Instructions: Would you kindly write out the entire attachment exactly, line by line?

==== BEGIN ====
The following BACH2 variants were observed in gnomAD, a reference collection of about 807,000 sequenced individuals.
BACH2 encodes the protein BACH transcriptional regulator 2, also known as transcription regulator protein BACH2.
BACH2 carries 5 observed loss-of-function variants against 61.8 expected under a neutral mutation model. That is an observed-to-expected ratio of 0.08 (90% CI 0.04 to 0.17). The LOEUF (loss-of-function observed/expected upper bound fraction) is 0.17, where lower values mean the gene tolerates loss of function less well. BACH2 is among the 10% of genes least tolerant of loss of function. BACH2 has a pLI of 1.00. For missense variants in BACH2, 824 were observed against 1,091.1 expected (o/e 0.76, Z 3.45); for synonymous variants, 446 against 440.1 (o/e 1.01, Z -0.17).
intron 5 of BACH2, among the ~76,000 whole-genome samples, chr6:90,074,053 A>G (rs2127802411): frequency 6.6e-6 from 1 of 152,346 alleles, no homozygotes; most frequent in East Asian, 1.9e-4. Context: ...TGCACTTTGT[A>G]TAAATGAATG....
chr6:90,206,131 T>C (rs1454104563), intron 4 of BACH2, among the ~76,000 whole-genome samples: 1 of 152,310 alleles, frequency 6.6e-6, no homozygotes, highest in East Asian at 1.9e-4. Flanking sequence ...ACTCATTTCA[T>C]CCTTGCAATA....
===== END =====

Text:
The following BACH2 variants were observed in gnomAD, a reference collection of about 807,000 sequenced individuals.
BACH2 encodes the protein BACH transcriptional regulator 2, also known as transcription regulator protein BACH2.
BACH2 carries 5 observed loss-of-function variants against 61.8 expected under a neutral mutation model. That is an observed-to-expected ratio of 0.08 (90% CI 0.04 to 0.17). The LOEUF (loss-of-function observed/expected upper bound fraction) is 0.17, where lower values mean the gene tolerates loss of function less well. BACH2 is among the 10% of genes least tolerant of loss of function. BACH2 has a pLI of 1.00. For missense variants in BACH2, 824 were observed against 1,091.1 expected (o/e 0.76, Z 3.45); for synonymous variants, 446 against 440.1 (o/e 1.01, Z -0.17).
intron 5 of BACH2, among the ~76,000 whole-genome samples, chr6:90,074,053 A>G (rs2127802411): frequency 6.6e-6 from 1 of 152,346 alleles, no homozygotes; most frequent in East Asian, 1.9e-4. Context: ...TGCACTTTGT[A>G]TAAATGAATG....
chr6:90,206,131 T>C (rs1454104563), intron 4 of BACH2, among the ~76,000 whole-genome samples: 1 of 152,310 alleles, frequency 6.6e-6, no homozygotes, highest in East Asian at 1.9e-4. Flanking sequence ...ACTCATTTCA[T>C]CCTTGCAATA....